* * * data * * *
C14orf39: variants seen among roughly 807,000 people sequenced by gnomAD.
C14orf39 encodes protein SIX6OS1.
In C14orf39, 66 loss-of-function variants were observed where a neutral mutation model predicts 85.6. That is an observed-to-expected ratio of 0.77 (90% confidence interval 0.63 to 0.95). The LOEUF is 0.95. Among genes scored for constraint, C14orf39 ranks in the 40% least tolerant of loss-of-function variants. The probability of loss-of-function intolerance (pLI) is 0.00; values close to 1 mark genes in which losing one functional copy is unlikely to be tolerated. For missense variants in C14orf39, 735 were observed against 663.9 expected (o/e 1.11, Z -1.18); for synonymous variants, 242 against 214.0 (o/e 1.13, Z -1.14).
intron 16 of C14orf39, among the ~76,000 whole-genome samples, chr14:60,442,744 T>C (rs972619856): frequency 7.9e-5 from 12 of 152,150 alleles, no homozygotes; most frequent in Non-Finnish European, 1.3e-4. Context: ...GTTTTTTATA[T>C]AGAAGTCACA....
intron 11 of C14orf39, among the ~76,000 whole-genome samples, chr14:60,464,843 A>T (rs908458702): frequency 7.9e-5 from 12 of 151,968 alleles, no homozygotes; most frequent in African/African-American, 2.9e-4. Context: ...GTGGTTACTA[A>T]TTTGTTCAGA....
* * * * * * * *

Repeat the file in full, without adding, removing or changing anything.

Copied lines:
C14orf39: variants seen among roughly 807,000 people sequenced by gnomAD.
C14orf39 encodes protein SIX6OS1.
In C14orf39, 66 loss-of-function variants were observed where a neutral mutation model predicts 85.6. That is an observed-to-expected ratio of 0.77 (90% confidence interval 0.63 to 0.95). The LOEUF is 0.95. Among genes scored for constraint, C14orf39 ranks in the 40% least tolerant of loss-of-function variants. The probability of loss-of-function intolerance (pLI) is 0.00; values close to 1 mark genes in which losing one functional copy is unlikely to be tolerated. For missense variants in C14orf39, 735 were observed against 663.9 expected (o/e 1.11, Z -1.18); for synonymous variants, 242 against 214.0 (o/e 1.13, Z -1.14).
intron 16 of C14orf39, among the ~76,000 whole-genome samples, chr14:60,442,744 T>C (rs972619856): frequency 7.9e-5 from 12 of 152,150 alleles, no homozygotes; most frequent in Non-Finnish European, 1.3e-4. Context: ...GTTTTTTATA[T>C]AGAAGTCACA....
intron 11 of C14orf39, among the ~76,000 whole-genome samples, chr14:60,464,843 A>T (rs908458702): frequency 7.9e-5 from 12 of 151,968 alleles, no homozygotes; most frequent in African/African-American, 2.9e-4. Context: ...GTGGTTACTA[A>T]TTTGTTCAGA....